AR15.Com Archives
 Strange P38 malfunction?
kiddsf  [Member]
1/4/2010 10:04:55 PM EST
In this video, the guy's P38 malfunctioned, and that the take down lever keeps falling down due to the recoil...

http://www.youtube.com/watch?v=xDhjRDoAZiY

Did this happen to anyone?

I'm got kind of scared by watching this, is there a way to fix that problem?

Is this common for P38 pistols?
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Thor340  [Member]
1/5/2010 8:11:59 AM EST
It probably is missing the takedown Lever retainer plunger and spring located staked into the frame. They are parts 044 and 045 in the accompanying exploded drawing of the P.38 parts. Replace the parts, install the takedown and problem solved. However if the parts are NOT staked in place they are subject to being lost again when the lever is slide out of the frame. You normally dont have to remove the lever unless you are doing a detail strip for rebluing so once they are back in place, you really dont have much to worry about it. Tom Heller of Heller Arms has the parts. He can be reached at email hellerarms@webtv.net He is my parts supplier for my P.38 and Luger restorations.
BobCole  [Team Member]
1/5/2010 4:40:12 PM EST
Thor answered everything except, "No, it's not normal."
kiddsf  [Member]
1/5/2010 9:30:54 PM EST
Does the Retainer plunger and spring usually wear out after like couple thousand shots?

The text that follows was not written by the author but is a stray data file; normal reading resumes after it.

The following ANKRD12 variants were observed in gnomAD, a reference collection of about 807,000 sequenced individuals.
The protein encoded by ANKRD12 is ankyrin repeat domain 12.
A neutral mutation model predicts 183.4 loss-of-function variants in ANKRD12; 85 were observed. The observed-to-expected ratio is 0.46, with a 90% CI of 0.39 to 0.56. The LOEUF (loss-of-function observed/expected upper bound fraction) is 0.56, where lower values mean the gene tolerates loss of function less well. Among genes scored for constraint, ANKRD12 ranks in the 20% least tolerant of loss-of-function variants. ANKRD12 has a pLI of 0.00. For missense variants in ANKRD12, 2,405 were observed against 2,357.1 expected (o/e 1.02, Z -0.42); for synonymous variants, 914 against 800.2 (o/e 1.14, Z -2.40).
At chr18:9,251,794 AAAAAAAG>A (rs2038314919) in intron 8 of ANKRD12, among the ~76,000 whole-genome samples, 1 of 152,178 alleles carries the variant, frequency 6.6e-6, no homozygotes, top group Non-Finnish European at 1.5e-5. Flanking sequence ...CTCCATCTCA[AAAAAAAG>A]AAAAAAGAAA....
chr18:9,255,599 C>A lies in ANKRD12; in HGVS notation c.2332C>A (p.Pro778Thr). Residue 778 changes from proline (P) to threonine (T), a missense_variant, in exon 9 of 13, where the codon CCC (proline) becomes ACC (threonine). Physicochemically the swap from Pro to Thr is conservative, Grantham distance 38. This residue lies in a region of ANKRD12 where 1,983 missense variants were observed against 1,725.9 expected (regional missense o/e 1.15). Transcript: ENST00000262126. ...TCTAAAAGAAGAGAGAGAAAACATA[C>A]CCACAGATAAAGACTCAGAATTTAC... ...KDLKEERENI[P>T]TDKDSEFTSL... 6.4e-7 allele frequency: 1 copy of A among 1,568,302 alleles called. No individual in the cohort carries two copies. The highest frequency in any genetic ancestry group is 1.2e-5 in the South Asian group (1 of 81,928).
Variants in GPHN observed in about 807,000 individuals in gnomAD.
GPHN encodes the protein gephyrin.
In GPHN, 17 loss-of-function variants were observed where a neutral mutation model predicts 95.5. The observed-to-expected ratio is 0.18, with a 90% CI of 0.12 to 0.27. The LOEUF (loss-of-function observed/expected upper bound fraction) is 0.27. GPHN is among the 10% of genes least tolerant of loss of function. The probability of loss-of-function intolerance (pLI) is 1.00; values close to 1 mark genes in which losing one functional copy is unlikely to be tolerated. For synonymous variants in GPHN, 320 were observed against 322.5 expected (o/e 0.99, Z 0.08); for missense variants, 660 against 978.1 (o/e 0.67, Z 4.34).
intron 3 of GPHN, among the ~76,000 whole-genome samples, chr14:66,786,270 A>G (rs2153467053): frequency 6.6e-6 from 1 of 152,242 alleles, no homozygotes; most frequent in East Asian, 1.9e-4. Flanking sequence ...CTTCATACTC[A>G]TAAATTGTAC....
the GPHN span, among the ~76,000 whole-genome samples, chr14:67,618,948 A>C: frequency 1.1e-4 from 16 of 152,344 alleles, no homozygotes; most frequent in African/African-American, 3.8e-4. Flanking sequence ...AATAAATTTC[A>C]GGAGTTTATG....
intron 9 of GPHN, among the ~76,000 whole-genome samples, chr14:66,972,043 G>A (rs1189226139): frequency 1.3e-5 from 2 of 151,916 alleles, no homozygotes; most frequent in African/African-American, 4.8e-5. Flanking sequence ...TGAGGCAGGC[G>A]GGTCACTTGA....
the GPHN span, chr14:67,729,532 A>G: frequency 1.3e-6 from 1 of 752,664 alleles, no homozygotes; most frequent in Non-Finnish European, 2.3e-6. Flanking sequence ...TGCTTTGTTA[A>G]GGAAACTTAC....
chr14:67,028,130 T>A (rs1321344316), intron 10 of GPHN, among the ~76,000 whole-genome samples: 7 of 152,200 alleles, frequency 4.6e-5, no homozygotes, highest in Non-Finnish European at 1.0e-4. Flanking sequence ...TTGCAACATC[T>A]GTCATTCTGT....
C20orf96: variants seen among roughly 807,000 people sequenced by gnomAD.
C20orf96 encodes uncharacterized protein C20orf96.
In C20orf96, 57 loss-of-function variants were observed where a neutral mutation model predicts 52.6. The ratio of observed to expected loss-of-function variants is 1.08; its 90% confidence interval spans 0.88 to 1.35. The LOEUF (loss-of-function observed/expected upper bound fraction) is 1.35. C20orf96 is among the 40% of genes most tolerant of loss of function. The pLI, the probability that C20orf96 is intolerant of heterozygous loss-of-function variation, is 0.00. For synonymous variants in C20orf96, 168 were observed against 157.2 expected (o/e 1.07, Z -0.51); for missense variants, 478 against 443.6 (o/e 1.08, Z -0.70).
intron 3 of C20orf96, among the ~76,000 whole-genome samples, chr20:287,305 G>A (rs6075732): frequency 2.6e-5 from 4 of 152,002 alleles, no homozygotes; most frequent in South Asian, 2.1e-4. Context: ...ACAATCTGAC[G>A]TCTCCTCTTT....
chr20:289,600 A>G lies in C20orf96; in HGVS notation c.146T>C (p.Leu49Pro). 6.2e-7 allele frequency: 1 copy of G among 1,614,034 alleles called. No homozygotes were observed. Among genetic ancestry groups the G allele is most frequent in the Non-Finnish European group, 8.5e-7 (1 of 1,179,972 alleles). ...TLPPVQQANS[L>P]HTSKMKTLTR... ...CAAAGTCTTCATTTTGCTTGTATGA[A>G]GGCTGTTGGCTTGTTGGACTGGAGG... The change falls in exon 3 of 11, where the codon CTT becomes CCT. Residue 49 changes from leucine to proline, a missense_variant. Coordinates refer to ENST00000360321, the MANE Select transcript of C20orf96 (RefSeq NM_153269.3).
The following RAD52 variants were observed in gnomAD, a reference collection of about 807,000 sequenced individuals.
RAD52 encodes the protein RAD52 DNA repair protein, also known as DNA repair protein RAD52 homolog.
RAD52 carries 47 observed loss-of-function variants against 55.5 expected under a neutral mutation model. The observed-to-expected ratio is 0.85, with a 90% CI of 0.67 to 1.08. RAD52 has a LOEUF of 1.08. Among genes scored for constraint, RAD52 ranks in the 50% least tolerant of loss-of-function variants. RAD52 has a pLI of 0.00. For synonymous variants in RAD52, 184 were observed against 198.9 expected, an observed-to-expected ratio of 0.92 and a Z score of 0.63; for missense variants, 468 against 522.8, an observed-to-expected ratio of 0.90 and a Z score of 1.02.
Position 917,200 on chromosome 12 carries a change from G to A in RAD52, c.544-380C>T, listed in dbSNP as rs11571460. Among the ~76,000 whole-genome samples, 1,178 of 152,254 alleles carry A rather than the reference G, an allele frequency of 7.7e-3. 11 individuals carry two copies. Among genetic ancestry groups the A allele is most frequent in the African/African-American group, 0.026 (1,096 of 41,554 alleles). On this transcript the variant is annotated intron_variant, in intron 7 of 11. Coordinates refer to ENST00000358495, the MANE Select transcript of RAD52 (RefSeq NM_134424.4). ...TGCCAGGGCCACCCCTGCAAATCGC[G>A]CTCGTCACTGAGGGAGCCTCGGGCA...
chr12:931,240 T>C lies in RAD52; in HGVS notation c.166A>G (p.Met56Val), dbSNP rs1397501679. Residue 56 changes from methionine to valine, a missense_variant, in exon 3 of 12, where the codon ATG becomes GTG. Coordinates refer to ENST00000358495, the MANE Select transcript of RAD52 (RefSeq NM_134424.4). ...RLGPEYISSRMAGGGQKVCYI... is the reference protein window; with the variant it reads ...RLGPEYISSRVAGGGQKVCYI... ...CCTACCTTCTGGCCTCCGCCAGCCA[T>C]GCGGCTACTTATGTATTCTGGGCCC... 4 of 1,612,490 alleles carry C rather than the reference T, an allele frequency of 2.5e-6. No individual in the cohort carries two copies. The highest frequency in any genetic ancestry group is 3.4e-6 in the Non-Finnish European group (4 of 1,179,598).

Is it recommended to have some in hand just in case?

How would you wear out those parts anyway?
I guess if you just absolutely love to field strip your P38 everyday and the Retainer plunger and spring Might wear out?
BobCole  [Team Member]
1/6/2010 2:17:35 AM EST
I can't answer the wearing of one out via thousands of rds as I don't have that many thru mine, but I would lean towards some past reassemblies done not correctly, IMO.

I don't keep spare parts for my P-38, FWIW.

My .o2
Thor340  [Member]
1/6/2010 3:26:32 AM EST
No they dont wear out, at least all the ones I have worked on, I am sure they came out when the take down was removed. Sometimes the staked parts have either been forceably removed which destroy the small burred staked metal and then replaced without staking again and then later popped out and were not replaced. Normally field stripping does not require the take down to be removed, just rotated which does not threaten loss of those parts. The more COMMON problem is if the gun has been detailed stripped (as opposed to field stripped for cleaning) is the top cover over the slide, if that is not probably reinstalled the whole blooming cover will come off when fired and loss of the rear sight and other small parts can happen.The cover is part 006 and it retains the rear sight and other parts. Bottom line, dont detail strip them yourselfs, have a pro do it and you'll probably never have a problem. The main springs should be checked if you buy one, to make sure they are strong and all the hammer drop and double action features work as intended. I once knew of a fellow that when he bought a P.38 and went to shoot it, he would inclose the gun with a box with the muzzle end open to capture any small parts that flew off. Just a precautionary measure. There is a trick to putting the cover back on and once on correctly they wont fly off. You can field strip one everyday and probably never wear out the take down retainer. Also if you sight one in, the front sight is driftable for windage, dont try to drift the rear sight, it wont move. No elevation adjustment is avaible except extreme measures of replacing the front sight. These always seems to shoot a little low from point of impact and a Luger seems to shoot a bit high at 25 yds.